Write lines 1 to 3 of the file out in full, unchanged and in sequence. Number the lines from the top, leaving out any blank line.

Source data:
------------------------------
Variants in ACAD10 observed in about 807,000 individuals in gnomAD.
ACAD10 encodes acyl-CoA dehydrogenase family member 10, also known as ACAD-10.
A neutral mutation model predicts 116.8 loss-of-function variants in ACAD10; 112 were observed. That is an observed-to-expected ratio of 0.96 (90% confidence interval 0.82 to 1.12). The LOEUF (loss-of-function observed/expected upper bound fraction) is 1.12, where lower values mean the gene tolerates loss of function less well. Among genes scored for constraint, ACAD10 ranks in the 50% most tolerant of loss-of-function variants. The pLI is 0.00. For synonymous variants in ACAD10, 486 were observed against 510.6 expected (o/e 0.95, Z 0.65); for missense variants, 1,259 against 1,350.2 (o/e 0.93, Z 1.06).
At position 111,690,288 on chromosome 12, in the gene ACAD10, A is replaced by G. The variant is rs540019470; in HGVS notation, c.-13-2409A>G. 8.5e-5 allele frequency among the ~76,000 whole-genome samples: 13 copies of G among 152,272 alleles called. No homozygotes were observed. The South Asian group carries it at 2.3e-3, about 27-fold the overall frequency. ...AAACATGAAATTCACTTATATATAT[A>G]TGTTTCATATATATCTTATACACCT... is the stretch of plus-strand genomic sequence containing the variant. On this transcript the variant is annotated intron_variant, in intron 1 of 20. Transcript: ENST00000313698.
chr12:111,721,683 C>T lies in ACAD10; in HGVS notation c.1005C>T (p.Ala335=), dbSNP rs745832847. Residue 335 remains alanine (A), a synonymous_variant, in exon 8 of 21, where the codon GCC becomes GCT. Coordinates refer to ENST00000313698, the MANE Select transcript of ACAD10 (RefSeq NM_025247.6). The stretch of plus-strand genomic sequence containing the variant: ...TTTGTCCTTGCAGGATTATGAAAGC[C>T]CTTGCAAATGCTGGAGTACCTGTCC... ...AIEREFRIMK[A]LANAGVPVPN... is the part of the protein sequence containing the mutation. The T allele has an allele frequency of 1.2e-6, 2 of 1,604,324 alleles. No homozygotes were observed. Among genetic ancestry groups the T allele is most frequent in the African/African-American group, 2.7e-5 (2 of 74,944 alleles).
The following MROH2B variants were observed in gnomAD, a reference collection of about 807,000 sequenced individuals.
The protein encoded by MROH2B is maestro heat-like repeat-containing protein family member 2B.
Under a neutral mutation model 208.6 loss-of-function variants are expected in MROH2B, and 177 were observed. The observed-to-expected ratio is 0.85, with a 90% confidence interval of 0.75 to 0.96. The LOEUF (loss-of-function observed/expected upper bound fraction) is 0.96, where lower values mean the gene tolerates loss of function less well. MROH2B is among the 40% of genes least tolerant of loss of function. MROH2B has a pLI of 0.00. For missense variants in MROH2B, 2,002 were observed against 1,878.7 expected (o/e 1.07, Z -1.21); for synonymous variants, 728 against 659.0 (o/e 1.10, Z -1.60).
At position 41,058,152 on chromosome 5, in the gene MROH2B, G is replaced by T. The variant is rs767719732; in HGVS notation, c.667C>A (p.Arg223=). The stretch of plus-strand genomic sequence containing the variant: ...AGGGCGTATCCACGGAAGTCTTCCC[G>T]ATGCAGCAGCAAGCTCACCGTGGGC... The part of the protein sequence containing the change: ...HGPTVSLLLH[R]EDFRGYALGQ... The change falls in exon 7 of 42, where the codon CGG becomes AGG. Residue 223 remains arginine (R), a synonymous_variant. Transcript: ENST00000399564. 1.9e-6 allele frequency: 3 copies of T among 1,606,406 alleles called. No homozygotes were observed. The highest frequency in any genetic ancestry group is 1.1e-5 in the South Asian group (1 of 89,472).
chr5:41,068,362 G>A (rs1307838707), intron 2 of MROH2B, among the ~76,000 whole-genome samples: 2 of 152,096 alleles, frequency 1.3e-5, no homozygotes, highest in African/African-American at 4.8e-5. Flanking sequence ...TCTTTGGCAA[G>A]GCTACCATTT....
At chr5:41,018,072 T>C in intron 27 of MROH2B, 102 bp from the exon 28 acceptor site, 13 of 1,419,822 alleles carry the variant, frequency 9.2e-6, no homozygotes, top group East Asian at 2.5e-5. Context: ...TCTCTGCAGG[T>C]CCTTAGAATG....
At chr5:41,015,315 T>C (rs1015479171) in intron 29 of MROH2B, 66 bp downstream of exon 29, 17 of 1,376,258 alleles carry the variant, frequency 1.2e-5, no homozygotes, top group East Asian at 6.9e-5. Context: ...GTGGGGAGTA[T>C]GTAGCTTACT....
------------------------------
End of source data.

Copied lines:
Variants in ACAD10 observed in about 807,000 individuals in gnomAD.
ACAD10 encodes acyl-CoA dehydrogenase family member 10, also known as ACAD-10.
A neutral mutation model predicts 116.8 loss-of-function variants in ACAD10; 112 were observed. That is an observed-to-expected ratio of 0.96 (90% confidence interval 0.82 to 1.12). The LOEUF (loss-of-function observed/expected upper bound fraction) is 1.12, where lower values mean the gene tolerates loss of function less well. Among genes scored for constraint, ACAD10 ranks in the 50% most tolerant of loss-of-function variants. The pLI is 0.00. For synonymous variants in ACAD10, 486 were observed against 510.6 expected (o/e 0.95, Z 0.65); for missense variants, 1,259 against 1,350.2 (o/e 0.93, Z 1.06).